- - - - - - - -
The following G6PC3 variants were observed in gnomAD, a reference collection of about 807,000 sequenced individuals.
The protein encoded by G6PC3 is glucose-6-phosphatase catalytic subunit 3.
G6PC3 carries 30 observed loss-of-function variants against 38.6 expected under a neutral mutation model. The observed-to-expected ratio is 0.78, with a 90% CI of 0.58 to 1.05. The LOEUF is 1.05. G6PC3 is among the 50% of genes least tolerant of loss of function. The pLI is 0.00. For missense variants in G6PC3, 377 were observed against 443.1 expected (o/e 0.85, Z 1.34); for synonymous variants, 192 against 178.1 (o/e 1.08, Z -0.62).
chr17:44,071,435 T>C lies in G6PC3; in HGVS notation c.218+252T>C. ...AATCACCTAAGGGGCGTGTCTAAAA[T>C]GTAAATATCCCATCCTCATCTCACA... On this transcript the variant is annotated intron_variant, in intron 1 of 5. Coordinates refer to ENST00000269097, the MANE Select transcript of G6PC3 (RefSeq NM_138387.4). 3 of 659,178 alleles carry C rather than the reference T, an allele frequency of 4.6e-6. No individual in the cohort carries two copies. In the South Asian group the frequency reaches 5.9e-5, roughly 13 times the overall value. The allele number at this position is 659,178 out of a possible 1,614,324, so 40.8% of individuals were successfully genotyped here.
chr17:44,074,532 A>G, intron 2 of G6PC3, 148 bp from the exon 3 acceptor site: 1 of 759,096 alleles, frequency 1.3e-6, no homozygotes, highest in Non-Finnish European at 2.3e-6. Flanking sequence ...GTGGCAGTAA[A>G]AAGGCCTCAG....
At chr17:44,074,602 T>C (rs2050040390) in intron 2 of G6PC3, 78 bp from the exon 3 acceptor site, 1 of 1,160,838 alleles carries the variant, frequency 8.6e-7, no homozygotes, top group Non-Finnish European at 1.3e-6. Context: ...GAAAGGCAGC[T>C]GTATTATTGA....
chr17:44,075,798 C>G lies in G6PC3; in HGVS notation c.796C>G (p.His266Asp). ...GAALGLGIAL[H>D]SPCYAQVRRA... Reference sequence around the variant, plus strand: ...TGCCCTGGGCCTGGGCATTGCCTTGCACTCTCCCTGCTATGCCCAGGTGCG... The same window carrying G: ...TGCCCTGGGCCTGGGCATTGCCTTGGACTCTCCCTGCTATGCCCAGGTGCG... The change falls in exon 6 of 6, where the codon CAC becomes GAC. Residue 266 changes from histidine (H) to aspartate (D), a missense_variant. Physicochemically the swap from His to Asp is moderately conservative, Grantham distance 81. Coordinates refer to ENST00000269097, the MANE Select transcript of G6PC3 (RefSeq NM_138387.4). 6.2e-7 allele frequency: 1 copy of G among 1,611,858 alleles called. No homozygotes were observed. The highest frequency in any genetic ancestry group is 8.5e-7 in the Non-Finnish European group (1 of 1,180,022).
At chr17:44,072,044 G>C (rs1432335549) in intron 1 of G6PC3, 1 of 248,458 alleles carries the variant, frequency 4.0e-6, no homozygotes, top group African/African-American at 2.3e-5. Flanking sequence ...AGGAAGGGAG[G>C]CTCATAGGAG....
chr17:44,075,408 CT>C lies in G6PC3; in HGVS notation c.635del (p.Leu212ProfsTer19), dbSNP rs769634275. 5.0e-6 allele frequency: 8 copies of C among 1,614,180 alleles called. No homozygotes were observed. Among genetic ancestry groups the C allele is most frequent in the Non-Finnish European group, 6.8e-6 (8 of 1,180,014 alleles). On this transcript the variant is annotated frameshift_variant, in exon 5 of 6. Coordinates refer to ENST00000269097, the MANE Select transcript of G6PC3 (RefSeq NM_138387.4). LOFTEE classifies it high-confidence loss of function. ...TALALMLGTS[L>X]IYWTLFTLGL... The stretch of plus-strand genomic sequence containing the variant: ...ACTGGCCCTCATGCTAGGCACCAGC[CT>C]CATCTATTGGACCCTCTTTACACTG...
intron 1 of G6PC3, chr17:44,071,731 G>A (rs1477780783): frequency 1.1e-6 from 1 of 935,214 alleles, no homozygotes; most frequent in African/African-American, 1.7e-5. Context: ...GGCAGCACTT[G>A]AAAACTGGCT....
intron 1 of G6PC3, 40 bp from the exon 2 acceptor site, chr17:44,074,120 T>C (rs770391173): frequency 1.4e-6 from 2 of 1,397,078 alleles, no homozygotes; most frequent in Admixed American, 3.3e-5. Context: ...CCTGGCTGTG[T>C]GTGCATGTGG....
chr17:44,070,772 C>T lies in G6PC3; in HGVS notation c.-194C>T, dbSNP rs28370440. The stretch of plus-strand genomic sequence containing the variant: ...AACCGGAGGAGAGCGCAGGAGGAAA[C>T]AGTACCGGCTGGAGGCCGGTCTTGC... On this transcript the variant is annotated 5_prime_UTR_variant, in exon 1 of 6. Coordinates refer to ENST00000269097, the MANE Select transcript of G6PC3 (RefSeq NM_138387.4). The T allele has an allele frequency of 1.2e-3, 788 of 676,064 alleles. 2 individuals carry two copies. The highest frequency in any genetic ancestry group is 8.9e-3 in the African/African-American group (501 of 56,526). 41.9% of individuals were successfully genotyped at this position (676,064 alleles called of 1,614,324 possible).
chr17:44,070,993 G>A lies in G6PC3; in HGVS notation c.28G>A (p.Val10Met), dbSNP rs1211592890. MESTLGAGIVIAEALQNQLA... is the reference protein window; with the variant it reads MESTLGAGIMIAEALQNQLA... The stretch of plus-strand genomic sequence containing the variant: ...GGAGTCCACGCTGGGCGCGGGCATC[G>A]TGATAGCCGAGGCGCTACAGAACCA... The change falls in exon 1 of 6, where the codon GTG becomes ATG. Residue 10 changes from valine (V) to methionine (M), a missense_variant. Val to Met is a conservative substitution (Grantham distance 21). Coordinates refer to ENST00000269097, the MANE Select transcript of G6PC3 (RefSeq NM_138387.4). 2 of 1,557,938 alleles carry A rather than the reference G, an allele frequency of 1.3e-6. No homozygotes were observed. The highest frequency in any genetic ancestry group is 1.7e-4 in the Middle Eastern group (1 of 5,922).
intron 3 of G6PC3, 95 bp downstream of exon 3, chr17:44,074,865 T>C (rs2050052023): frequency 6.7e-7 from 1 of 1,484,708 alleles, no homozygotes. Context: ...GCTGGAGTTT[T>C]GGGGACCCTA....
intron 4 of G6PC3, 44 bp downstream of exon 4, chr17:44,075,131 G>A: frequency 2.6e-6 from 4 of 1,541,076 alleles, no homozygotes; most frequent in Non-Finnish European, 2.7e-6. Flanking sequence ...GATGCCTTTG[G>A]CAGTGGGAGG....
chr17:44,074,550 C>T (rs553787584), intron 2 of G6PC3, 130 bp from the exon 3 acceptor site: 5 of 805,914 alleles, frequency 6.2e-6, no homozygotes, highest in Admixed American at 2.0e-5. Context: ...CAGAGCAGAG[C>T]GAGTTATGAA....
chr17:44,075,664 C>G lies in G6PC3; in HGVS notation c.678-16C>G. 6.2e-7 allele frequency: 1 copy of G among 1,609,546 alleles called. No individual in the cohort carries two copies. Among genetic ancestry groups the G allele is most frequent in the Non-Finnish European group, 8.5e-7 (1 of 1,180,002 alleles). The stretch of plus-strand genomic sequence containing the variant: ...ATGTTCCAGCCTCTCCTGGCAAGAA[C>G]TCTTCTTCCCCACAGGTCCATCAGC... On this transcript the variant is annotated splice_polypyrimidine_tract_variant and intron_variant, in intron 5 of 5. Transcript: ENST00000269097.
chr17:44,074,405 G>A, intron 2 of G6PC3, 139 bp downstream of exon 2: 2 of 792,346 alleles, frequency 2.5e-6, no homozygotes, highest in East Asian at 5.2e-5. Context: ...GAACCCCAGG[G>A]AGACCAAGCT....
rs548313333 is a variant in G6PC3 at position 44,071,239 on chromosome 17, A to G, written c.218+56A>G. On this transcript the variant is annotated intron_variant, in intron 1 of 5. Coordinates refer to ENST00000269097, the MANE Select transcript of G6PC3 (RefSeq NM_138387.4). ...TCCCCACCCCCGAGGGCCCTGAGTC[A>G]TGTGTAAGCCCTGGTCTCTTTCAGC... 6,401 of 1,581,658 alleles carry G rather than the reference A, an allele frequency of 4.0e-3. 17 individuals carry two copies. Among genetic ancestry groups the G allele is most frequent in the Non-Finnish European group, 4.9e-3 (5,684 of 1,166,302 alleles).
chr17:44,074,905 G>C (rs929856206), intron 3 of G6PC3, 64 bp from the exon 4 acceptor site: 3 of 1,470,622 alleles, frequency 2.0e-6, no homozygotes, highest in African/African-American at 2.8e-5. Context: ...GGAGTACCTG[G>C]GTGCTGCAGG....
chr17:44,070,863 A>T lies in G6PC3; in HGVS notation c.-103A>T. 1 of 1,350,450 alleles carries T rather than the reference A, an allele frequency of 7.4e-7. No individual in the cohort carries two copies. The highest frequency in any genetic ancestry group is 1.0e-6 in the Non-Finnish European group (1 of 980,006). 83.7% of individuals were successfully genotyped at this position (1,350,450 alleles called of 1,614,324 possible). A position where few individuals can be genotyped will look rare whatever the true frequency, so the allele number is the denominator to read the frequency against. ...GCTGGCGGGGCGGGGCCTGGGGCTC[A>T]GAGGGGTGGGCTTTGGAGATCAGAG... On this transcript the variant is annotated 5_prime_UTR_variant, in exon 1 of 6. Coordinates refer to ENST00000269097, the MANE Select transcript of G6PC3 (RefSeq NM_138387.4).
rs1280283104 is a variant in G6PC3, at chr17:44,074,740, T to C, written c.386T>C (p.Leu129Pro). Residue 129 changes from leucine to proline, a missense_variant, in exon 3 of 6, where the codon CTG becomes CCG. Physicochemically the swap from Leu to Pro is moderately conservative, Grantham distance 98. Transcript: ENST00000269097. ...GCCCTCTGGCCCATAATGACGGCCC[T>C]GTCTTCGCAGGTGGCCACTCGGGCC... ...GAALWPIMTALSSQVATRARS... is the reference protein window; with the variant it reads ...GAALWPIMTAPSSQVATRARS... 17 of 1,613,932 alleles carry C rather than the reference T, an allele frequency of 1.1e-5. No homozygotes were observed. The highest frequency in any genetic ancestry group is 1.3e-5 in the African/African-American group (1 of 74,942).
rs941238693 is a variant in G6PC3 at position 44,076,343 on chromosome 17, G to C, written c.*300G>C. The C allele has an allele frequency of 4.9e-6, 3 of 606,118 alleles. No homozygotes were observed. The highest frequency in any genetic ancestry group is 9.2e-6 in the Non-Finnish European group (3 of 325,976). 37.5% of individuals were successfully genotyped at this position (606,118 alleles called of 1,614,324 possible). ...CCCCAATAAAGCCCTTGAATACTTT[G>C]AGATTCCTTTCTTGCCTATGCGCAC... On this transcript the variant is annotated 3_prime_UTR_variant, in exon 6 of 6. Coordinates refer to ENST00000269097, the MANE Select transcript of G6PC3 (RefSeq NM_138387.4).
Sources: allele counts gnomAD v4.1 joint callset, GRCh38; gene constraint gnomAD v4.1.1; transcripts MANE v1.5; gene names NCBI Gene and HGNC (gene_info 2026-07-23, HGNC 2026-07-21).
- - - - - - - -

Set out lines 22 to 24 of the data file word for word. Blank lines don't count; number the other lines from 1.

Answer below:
rs1280283104 is a variant in G6PC3, at chr17:44,074,740, T to C, written c.386T>C (p.Leu129Pro). Residue 129 changes from leucine to proline, a missense_variant, in exon 3 of 6, where the codon CTG becomes CCG. Physicochemically the swap from Leu to Pro is moderately conservative, Grantham distance 98. Transcript: ENST00000269097. ...GCCCTCTGGCCCATAATGACGGCCC[T>C]GTCTTCGCAGGTGGCCACTCGGGCC... ...GAALWPIMTALSSQVATRARS... is the reference protein window; with the variant it reads ...GAALWPIMTAPSSQVATRARS... 17 of 1,613,932 alleles carry C rather than the reference T, an allele frequency of 1.1e-5. No homozygotes were observed. The highest frequency in any genetic ancestry group is 1.3e-5 in the African/African-American group (1 of 74,942).
rs941238693 is a variant in G6PC3 at position 44,076,343 on chromosome 17, G to C, written c.*300G>C. The C allele has an allele frequency of 4.9e-6, 3 of 606,118 alleles. No homozygotes were observed. The highest frequency in any genetic ancestry group is 9.2e-6 in the Non-Finnish European group (3 of 325,976). 37.5% of individuals were successfully genotyped at this position (606,118 alleles called of 1,614,324 possible). ...CCCCAATAAAGCCCTTGAATACTTT[G>C]AGATTCCTTTCTTGCCTATGCGCAC... On this transcript the variant is annotated 3_prime_UTR_variant, in exon 6 of 6. Coordinates refer to ENST00000269097, the MANE Select transcript of G6PC3 (RefSeq NM_138387.4).
Sources: allele counts gnomAD v4.1 joint callset, GRCh38; gene constraint gnomAD v4.1.1; transcripts MANE v1.5; gene names NCBI Gene and HGNC (gene_info 2026-07-23, HGNC 2026-07-21).